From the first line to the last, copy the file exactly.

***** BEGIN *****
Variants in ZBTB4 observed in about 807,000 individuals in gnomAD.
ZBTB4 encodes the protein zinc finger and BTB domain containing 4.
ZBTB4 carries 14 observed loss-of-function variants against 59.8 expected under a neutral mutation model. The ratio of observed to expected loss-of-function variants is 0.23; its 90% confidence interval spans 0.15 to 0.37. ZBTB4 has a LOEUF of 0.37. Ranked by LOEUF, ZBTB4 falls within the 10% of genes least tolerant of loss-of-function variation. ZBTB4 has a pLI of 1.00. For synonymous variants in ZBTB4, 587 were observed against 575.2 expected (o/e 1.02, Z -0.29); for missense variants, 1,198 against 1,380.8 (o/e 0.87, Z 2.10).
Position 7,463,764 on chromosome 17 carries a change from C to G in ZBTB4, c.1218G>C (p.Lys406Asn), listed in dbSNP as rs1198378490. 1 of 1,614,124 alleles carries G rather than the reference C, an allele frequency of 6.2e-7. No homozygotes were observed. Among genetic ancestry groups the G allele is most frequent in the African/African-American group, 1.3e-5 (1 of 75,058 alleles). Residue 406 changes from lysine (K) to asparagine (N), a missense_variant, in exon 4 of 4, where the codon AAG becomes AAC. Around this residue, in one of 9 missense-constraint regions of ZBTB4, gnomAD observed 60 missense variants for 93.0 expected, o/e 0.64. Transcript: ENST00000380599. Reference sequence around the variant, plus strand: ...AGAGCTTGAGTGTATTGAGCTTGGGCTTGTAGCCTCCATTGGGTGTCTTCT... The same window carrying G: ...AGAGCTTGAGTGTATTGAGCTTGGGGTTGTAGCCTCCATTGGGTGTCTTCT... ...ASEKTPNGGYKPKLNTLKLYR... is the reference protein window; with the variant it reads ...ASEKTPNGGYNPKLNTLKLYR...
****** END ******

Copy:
Variants in ZBTB4 observed in about 807,000 individuals in gnomAD.
ZBTB4 encodes the protein zinc finger and BTB domain containing 4.
ZBTB4 carries 14 observed loss-of-function variants against 59.8 expected under a neutral mutation model. The ratio of observed to expected loss-of-function variants is 0.23; its 90% confidence interval spans 0.15 to 0.37. ZBTB4 has a LOEUF of 0.37. Ranked by LOEUF, ZBTB4 falls within the 10% of genes least tolerant of loss-of-function variation. ZBTB4 has a pLI of 1.00. For synonymous variants in ZBTB4, 587 were observed against 575.2 expected (o/e 1.02, Z -0.29); for missense variants, 1,198 against 1,380.8 (o/e 0.87, Z 2.10).
Position 7,463,764 on chromosome 17 carries a change from C to G in ZBTB4, c.1218G>C (p.Lys406Asn), listed in dbSNP as rs1198378490. 1 of 1,614,124 alleles carries G rather than the reference C, an allele frequency of 6.2e-7. No homozygotes were observed. Among genetic ancestry groups the G allele is most frequent in the African/African-American group, 1.3e-5 (1 of 75,058 alleles). Residue 406 changes from lysine (K) to asparagine (N), a missense_variant, in exon 4 of 4, where the codon AAG becomes AAC. Around this residue, in one of 9 missense-constraint regions of ZBTB4, gnomAD observed 60 missense variants for 93.0 expected, o/e 0.64. Transcript: ENST00000380599. Reference sequence around the variant, plus strand: ...AGAGCTTGAGTGTATTGAGCTTGGGCTTGTAGCCTCCATTGGGTGTCTTCT... The same window carrying G: ...AGAGCTTGAGTGTATTGAGCTTGGGGTTGTAGCCTCCATTGGGTGTCTTCT... ...ASEKTPNGGYKPKLNTLKLYR... is the reference protein window; with the variant it reads ...ASEKTPNGGYNPKLNTLKLYR...